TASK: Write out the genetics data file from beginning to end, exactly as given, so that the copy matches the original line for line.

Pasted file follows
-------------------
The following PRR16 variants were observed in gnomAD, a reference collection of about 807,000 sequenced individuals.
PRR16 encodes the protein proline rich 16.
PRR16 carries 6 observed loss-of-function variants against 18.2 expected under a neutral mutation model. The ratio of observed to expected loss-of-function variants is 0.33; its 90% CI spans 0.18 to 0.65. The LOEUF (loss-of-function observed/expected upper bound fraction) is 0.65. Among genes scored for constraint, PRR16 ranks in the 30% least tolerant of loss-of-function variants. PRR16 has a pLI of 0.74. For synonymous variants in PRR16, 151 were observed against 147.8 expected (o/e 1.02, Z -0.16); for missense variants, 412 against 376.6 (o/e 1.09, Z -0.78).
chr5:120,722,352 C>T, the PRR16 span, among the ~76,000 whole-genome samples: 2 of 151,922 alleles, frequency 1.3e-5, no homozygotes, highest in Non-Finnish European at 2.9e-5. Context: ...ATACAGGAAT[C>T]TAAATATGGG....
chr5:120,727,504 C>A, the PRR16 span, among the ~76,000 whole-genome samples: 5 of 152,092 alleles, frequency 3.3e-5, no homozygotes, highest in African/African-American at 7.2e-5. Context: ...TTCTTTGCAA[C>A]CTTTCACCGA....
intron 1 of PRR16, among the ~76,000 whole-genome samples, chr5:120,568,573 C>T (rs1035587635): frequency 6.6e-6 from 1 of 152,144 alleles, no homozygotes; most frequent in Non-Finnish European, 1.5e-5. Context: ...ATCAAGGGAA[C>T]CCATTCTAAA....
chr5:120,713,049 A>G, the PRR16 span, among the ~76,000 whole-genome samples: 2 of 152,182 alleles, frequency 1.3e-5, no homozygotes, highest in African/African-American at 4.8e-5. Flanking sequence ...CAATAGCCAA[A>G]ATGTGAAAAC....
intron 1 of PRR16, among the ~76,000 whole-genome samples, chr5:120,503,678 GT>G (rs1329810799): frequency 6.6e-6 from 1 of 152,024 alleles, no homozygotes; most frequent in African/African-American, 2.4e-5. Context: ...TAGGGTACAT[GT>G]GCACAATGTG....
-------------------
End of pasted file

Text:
The following PRR16 variants were observed in gnomAD, a reference collection of about 807,000 sequenced individuals.
PRR16 encodes the protein proline rich 16.
PRR16 carries 6 observed loss-of-function variants against 18.2 expected under a neutral mutation model. The ratio of observed to expected loss-of-function variants is 0.33; its 90% CI spans 0.18 to 0.65. The LOEUF (loss-of-function observed/expected upper bound fraction) is 0.65. Among genes scored for constraint, PRR16 ranks in the 30% least tolerant of loss-of-function variants. PRR16 has a pLI of 0.74. For synonymous variants in PRR16, 151 were observed against 147.8 expected (o/e 1.02, Z -0.16); for missense variants, 412 against 376.6 (o/e 1.09, Z -0.78).
chr5:120,722,352 C>T, the PRR16 span, among the ~76,000 whole-genome samples: 2 of 151,922 alleles, frequency 1.3e-5, no homozygotes, highest in Non-Finnish European at 2.9e-5. Context: ...ATACAGGAAT[C>T]TAAATATGGG....
chr5:120,727,504 C>A, the PRR16 span, among the ~76,000 whole-genome samples: 5 of 152,092 alleles, frequency 3.3e-5, no homozygotes, highest in African/African-American at 7.2e-5. Context: ...TTCTTTGCAA[C>A]CTTTCACCGA....
intron 1 of PRR16, among the ~76,000 whole-genome samples, chr5:120,568,573 C>T (rs1035587635): frequency 6.6e-6 from 1 of 152,144 alleles, no homozygotes; most frequent in Non-Finnish European, 1.5e-5. Context: ...ATCAAGGGAA[C>T]CCATTCTAAA....
chr5:120,713,049 A>G, the PRR16 span, among the ~76,000 whole-genome samples: 2 of 152,182 alleles, frequency 1.3e-5, no homozygotes, highest in African/African-American at 4.8e-5. Flanking sequence ...CAATAGCCAA[A>G]ATGTGAAAAC....
intron 1 of PRR16, among the ~76,000 whole-genome samples, chr5:120,503,678 GT>G (rs1329810799): frequency 6.6e-6 from 1 of 152,024 alleles, no homozygotes; most frequent in African/African-American, 2.4e-5. Context: ...TAGGGTACAT[GT>G]GCACAATGTG....